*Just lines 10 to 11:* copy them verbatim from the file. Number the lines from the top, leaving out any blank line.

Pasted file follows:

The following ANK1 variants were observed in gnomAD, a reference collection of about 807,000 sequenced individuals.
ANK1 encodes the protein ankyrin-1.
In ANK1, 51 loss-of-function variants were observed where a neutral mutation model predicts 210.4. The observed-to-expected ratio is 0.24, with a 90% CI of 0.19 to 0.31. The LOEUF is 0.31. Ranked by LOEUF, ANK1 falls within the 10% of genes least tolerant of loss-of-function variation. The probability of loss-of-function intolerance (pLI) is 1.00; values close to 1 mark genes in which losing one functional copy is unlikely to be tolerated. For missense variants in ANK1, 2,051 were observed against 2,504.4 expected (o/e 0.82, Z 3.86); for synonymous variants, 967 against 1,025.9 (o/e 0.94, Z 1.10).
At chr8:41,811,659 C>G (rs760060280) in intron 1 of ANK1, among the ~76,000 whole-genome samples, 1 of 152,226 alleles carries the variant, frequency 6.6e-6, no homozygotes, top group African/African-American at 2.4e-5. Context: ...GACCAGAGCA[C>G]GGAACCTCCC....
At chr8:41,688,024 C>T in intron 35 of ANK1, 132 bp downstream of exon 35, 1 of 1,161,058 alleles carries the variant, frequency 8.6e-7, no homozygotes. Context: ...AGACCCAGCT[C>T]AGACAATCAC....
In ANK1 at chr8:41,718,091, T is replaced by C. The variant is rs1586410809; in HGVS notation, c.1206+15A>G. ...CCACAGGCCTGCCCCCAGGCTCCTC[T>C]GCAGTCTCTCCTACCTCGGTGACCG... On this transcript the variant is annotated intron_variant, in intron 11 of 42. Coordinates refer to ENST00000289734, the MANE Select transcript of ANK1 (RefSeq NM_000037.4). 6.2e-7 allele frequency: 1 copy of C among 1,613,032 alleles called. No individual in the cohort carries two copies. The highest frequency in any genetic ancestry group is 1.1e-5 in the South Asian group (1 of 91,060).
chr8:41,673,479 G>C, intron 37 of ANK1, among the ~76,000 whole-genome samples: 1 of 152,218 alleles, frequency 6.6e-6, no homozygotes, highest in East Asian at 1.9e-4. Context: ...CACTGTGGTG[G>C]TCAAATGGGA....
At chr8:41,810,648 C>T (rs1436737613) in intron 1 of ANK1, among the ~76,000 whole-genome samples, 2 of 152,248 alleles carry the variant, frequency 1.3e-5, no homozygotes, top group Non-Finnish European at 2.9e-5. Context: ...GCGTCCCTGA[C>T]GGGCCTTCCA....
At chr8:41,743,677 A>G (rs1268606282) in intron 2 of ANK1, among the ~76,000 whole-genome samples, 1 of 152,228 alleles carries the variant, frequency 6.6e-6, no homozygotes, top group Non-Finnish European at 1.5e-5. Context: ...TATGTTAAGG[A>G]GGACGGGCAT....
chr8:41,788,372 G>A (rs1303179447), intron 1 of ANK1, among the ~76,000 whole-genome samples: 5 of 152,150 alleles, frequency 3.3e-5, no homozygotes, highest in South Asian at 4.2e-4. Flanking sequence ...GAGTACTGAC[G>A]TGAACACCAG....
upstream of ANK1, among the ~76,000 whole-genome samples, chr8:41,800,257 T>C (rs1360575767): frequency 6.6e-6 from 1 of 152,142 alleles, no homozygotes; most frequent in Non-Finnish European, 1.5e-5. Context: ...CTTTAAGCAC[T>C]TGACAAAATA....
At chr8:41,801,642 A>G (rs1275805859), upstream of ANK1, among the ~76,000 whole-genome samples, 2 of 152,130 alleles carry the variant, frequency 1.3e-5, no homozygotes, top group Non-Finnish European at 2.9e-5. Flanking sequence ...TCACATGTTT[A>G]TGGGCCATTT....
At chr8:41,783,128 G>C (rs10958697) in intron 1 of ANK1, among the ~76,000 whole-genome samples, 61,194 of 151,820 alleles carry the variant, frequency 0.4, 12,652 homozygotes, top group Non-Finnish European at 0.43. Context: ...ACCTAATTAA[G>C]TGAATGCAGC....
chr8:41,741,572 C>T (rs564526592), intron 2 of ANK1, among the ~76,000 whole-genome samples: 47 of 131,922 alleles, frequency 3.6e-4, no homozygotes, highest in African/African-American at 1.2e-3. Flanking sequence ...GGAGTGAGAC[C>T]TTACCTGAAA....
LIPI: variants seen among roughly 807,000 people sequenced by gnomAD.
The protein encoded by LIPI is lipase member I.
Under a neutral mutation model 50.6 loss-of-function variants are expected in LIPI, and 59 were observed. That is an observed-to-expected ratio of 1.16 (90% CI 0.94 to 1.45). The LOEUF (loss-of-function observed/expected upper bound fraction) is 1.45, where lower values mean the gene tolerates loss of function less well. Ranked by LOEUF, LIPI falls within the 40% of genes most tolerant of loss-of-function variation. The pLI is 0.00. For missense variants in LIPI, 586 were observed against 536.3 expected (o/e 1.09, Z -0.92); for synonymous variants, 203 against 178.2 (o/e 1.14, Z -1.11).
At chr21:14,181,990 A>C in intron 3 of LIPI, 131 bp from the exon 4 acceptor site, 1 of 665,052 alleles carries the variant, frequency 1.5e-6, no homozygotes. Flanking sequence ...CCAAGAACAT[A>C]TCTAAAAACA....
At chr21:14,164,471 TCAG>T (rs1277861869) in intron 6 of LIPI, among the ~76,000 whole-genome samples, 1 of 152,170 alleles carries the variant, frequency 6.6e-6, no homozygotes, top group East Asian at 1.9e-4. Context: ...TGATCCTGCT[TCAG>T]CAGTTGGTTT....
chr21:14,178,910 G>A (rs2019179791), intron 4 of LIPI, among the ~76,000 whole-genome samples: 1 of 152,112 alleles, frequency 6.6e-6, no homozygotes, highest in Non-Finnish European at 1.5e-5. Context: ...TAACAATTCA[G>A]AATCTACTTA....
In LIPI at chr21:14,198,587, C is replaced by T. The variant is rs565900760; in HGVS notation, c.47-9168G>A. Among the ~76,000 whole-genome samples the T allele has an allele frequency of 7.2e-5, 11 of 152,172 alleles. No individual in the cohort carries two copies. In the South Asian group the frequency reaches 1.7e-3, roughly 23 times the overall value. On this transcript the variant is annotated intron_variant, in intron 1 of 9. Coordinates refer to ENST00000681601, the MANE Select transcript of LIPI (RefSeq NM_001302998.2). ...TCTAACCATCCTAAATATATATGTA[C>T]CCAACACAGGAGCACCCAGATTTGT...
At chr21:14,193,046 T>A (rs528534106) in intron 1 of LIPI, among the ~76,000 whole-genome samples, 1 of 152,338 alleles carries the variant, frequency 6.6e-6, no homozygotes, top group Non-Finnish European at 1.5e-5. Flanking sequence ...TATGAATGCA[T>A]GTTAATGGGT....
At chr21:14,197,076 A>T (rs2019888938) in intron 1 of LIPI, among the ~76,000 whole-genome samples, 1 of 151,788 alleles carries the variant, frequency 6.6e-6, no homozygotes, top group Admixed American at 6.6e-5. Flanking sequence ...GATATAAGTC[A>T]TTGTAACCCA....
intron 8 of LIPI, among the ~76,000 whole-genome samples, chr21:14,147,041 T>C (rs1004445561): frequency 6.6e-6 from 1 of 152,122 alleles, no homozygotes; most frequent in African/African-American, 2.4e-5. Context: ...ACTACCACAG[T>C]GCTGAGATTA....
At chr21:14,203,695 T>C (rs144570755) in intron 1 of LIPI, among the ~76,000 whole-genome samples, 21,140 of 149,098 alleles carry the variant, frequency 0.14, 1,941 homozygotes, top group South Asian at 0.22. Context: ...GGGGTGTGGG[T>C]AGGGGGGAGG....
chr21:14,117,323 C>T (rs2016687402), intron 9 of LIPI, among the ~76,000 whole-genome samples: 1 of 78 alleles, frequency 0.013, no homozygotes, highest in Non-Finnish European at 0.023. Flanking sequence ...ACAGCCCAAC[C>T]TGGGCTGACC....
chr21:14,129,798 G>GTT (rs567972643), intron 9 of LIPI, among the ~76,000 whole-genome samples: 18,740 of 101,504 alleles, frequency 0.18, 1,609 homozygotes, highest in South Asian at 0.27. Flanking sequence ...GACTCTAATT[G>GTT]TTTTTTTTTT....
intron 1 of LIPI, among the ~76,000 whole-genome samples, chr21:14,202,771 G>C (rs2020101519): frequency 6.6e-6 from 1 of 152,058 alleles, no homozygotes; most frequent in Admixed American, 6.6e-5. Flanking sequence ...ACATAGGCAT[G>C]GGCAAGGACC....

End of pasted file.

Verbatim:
chr8:41,788,372 G>A (rs1303179447), intron 1 of ANK1, among the ~76,000 whole-genome samples: 5 of 152,150 alleles, frequency 3.3e-5, no homozygotes, highest in South Asian at 4.2e-4. Flanking sequence ...GAGTACTGAC[G>A]TGAACACCAG....
upstream of ANK1, among the ~76,000 whole-genome samples, chr8:41,800,257 T>C (rs1360575767): frequency 6.6e-6 from 1 of 152,142 alleles, no homozygotes; most frequent in Non-Finnish European, 1.5e-5. Context: ...CTTTAAGCAC[T>C]TGACAAAATA....